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Debuggers are a wasteful Timesink

90 replies on 7 pages. Most recent reply: Jun 1, 2005 1:53 AM by Brian Slesinsky

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Greg

Posts: 18
Nickname: singleton
Registered: Jun, 2003

Re: Debuggers are a wasteful Timesink Posted: Dec 3, 2003 10:57 AM
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Obviously your example is of an application where
your students have written ALL the code.
In an application that uses libraries or is a client
server app talking to something that you didn't write
inspecting your code will not do any good. I've seen
a lot of times when upgrades have broken perfectly
functional code because of changes in libraries and api's
that could only be identified with the use of a debugger.

Marc Clifton

Posts: 2
Nickname: cliftonm
Registered: Dec, 2003

Re: Debuggers are a wasteful Timesink Posted: Dec 3, 2003 10:59 AM
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A little clear thinking regarding this subject might help to clear up this tripe.

First off, the author lures you into the idea that incredibly powerful tools waste time because they're so hard to learn, having so many features. This is an illusion. You use the set of features within the tool that are needed to solve the problem.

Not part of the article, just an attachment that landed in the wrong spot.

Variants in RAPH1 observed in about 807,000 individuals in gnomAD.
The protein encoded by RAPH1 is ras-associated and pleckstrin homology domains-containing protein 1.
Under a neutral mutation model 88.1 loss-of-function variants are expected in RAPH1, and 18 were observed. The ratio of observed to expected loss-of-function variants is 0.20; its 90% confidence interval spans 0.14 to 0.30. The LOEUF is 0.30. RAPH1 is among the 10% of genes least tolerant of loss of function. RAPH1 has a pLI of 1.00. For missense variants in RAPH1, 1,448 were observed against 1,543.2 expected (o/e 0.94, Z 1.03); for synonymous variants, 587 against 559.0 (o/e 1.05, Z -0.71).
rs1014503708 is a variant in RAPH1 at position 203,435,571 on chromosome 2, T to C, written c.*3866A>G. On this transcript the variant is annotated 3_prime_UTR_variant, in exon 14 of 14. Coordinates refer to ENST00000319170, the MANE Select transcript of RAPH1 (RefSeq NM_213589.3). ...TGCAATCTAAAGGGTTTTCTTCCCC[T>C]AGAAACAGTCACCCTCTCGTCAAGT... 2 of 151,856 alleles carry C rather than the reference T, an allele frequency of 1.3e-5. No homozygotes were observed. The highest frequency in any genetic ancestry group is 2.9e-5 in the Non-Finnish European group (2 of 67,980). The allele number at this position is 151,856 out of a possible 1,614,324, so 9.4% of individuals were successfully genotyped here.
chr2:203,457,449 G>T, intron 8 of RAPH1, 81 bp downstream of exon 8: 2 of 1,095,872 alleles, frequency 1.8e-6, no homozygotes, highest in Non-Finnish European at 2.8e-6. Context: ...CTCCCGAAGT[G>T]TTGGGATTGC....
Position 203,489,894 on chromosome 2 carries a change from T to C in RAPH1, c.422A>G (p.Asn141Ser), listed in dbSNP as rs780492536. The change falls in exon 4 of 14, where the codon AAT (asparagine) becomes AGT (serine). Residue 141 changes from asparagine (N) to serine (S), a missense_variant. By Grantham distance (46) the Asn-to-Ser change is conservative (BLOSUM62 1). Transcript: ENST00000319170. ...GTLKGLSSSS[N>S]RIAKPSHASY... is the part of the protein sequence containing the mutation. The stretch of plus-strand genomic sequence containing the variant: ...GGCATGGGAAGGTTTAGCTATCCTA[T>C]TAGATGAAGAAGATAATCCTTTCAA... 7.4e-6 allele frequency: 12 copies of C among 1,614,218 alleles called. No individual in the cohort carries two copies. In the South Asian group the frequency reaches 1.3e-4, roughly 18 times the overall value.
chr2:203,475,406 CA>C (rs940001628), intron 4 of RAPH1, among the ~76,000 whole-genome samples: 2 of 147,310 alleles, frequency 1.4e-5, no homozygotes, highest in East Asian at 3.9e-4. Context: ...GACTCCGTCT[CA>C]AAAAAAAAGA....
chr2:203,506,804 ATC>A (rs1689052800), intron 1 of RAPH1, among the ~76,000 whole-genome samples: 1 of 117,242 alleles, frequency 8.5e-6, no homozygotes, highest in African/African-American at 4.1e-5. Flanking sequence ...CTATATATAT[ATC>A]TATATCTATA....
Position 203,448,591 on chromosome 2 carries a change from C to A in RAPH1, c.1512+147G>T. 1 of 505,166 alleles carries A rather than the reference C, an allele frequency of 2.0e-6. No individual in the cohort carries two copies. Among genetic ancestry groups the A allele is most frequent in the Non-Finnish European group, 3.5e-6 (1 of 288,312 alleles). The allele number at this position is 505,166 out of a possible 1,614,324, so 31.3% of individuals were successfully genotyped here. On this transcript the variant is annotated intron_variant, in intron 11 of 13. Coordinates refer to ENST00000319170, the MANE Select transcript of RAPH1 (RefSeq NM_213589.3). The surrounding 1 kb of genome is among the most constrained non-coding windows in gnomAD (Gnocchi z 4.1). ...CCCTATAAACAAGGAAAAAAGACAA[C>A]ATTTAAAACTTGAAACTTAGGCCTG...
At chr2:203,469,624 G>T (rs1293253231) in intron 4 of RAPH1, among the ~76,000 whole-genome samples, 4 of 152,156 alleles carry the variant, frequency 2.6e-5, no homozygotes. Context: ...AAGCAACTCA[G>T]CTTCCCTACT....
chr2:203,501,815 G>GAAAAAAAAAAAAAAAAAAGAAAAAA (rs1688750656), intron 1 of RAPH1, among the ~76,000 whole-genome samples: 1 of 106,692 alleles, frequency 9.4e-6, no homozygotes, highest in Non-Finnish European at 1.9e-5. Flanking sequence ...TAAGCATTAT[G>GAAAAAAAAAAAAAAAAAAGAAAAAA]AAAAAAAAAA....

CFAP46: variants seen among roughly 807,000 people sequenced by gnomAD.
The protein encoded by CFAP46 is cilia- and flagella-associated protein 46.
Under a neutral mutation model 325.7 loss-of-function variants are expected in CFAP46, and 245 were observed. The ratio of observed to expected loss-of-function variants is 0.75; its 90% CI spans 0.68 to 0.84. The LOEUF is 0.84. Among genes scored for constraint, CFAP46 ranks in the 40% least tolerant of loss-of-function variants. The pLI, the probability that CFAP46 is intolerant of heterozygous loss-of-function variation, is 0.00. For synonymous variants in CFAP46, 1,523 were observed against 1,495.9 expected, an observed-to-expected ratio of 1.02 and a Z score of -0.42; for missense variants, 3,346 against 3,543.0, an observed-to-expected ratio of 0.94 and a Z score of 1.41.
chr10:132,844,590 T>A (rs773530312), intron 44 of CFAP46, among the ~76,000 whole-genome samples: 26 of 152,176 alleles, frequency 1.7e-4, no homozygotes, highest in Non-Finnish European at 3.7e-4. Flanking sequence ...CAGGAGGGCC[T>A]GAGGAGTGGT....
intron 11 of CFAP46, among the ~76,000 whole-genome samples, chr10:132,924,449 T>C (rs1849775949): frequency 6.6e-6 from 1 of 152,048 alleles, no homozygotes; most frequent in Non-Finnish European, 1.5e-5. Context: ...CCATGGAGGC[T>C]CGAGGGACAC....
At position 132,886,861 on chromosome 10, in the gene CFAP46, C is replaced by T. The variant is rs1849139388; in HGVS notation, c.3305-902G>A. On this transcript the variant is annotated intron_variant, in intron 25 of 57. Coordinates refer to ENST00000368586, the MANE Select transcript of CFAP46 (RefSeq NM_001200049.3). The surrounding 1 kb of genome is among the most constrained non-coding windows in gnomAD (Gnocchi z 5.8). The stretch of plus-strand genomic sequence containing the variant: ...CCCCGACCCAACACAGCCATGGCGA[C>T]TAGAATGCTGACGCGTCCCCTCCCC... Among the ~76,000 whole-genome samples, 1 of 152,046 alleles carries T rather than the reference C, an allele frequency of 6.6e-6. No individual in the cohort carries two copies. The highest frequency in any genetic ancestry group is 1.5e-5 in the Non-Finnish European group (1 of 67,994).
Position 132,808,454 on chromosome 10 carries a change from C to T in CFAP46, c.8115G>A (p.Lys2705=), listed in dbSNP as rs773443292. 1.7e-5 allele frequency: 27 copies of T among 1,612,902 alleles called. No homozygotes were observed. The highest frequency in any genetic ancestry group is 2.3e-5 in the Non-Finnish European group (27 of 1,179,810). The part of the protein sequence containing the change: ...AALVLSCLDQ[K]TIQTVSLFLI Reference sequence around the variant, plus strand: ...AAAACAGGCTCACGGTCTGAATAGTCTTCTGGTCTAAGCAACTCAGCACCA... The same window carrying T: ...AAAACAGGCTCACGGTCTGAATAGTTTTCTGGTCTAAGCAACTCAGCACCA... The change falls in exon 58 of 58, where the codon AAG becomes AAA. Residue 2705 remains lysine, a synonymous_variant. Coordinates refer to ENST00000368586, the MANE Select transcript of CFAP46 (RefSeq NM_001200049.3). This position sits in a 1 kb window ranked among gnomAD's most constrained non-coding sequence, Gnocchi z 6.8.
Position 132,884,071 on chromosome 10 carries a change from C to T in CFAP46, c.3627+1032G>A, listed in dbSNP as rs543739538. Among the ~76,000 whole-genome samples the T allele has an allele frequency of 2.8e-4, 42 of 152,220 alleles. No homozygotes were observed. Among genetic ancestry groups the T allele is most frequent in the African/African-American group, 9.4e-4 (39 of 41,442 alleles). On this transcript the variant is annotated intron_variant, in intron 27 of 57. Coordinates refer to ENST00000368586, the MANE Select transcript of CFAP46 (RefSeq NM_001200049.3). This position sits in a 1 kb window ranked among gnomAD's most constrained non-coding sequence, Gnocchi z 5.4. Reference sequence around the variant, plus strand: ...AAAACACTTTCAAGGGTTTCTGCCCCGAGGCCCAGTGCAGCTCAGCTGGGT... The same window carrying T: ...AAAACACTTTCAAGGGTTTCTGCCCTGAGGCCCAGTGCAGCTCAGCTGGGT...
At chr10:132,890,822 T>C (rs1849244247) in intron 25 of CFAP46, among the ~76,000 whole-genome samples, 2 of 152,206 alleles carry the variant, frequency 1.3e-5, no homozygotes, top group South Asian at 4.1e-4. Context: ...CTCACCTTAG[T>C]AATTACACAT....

The second problem with this commentary is more insiduous. TDD merely shifts the time spend in debugging from the back-end to the front-end. Essentially, with TDD, you are "debugging" the code first, then writing it.

TDD is still debugging, but it uses a different tool--the unit test. This fellow seems to fail to recognize this. If you look at programming as two tasks--writing code and testing code (which includes debugging it), he's still spending the same (and probably more) time debugging. He's just doing it before writing code, rather than after.

Finally, using students to examplify the problem with debuggers is like saying jumbo jets are bad because your Cessna pilot can't fly it. They're students for a reason. I remember wasting time with a debugger because my skills at reviewing my own code were untrained. But guess what? The debugger became my training tool (and much better than any instructor at that!), and I began to use it less and less because I understand programming better.

Marc

Michael Feathers

Posts: 448
Nickname: mfeathers
Registered: Jul, 2003

Re: Debuggers are a wasteful Timesink Posted: Dec 3, 2003 12:20 PM
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> A little clear thinking regarding this subject might help
> to clear up this tripe.

I agree. Let's shoot for it.

> First off, the author lures you into the idea that
> incredibly powerful tools waste time because they're so
> hard to learn, having so many features. This is an
> illusion. You use the set of features within the tool